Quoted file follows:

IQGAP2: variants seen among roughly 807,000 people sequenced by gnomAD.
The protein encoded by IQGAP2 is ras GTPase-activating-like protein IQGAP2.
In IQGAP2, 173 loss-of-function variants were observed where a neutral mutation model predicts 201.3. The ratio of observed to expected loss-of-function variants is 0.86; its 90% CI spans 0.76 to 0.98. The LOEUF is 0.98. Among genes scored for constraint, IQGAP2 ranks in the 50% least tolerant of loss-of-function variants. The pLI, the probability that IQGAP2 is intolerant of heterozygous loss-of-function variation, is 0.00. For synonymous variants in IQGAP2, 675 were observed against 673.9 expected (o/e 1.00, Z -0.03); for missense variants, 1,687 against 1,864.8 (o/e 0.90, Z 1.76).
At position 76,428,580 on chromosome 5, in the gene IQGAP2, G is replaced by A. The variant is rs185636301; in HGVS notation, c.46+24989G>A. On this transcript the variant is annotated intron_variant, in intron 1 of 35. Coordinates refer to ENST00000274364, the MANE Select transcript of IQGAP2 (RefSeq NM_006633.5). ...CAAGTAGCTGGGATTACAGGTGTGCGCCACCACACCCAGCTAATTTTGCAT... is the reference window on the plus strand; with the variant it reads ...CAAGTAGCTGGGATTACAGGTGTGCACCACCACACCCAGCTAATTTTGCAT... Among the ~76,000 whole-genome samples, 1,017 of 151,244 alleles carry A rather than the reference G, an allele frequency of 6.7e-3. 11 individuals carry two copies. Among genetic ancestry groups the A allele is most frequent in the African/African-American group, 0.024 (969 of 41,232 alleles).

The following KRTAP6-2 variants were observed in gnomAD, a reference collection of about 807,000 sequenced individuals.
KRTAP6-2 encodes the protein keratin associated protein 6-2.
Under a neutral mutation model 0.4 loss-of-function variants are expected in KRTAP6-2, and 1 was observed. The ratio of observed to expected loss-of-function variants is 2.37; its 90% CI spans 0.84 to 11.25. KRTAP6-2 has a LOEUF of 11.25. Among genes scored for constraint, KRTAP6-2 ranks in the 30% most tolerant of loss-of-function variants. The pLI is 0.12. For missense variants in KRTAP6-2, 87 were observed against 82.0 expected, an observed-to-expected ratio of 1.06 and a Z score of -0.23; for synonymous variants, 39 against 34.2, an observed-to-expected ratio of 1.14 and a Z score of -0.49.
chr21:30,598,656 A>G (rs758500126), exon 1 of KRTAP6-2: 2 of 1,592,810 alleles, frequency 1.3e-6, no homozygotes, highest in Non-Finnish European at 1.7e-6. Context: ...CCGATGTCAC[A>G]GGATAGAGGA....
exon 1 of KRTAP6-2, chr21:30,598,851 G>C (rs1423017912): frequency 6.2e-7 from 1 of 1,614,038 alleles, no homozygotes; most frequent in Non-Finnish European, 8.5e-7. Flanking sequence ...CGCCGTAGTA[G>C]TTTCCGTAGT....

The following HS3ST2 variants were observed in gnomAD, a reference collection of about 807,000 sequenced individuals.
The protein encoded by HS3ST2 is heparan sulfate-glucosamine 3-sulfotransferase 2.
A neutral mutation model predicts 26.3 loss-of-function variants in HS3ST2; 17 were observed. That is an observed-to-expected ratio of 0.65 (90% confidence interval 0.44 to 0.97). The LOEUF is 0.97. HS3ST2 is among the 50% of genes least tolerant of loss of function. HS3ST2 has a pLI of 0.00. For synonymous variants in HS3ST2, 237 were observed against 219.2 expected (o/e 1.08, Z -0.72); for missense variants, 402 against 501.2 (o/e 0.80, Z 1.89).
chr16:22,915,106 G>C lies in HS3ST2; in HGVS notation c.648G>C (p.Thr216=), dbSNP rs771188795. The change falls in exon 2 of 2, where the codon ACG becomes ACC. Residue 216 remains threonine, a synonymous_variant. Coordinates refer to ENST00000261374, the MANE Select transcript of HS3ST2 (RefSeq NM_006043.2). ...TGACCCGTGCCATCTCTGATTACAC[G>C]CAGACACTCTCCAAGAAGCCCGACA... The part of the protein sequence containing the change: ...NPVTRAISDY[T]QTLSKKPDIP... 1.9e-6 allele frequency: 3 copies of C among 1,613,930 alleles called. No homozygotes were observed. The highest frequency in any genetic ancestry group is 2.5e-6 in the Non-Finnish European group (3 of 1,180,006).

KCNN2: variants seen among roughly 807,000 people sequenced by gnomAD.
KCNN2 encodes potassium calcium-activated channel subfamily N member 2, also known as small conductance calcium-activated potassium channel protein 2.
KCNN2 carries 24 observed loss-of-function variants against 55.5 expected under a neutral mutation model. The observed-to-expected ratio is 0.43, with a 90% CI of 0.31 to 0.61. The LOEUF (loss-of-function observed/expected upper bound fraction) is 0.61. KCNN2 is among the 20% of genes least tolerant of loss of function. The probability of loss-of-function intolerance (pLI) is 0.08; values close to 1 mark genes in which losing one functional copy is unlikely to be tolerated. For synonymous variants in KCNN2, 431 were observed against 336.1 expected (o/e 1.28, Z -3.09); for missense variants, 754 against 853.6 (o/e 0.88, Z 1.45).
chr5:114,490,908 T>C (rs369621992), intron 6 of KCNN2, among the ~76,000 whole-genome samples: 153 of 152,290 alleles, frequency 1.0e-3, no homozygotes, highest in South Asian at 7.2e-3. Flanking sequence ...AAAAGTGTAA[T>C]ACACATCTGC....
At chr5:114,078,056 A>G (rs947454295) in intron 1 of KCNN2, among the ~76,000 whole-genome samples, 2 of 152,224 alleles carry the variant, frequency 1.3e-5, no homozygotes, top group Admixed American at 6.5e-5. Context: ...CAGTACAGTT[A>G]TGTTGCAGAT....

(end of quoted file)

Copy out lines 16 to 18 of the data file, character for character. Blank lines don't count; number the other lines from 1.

KCNN2 carries 24 observed loss-of-function variants against 55.5 expected under a neutral mutation model. The observed-to-expected ratio is 0.43, with a 90% CI of 0.31 to 0.61. The LOEUF (loss-of-function observed/expected upper bound fraction) is 0.61. KCNN2 is among the 20% of genes least tolerant of loss of function. The probability of loss-of-function intolerance (pLI) is 0.08; values close to 1 mark genes in which losing one functional copy is unlikely to be tolerated. For synonymous variants in KCNN2, 431 were observed against 336.1 expected (o/e 1.28, Z -3.09); for missense variants, 754 against 853.6 (o/e 0.88, Z 1.45).
chr5:114,490,908 T>C (rs369621992), intron 6 of KCNN2, among the ~76,000 whole-genome samples: 153 of 152,290 alleles, frequency 1.0e-3, no homozygotes, highest in South Asian at 7.2e-3. Flanking sequence ...AAAAGTGTAA[T>C]ACACATCTGC....
At chr5:114,078,056 A>G (rs947454295) in intron 1 of KCNN2, among the ~76,000 whole-genome samples, 2 of 152,224 alleles carry the variant, frequency 1.3e-5, no homozygotes, top group Admixed American at 6.5e-5. Context: ...CAGTACAGTT[A>G]TGTTGCAGAT....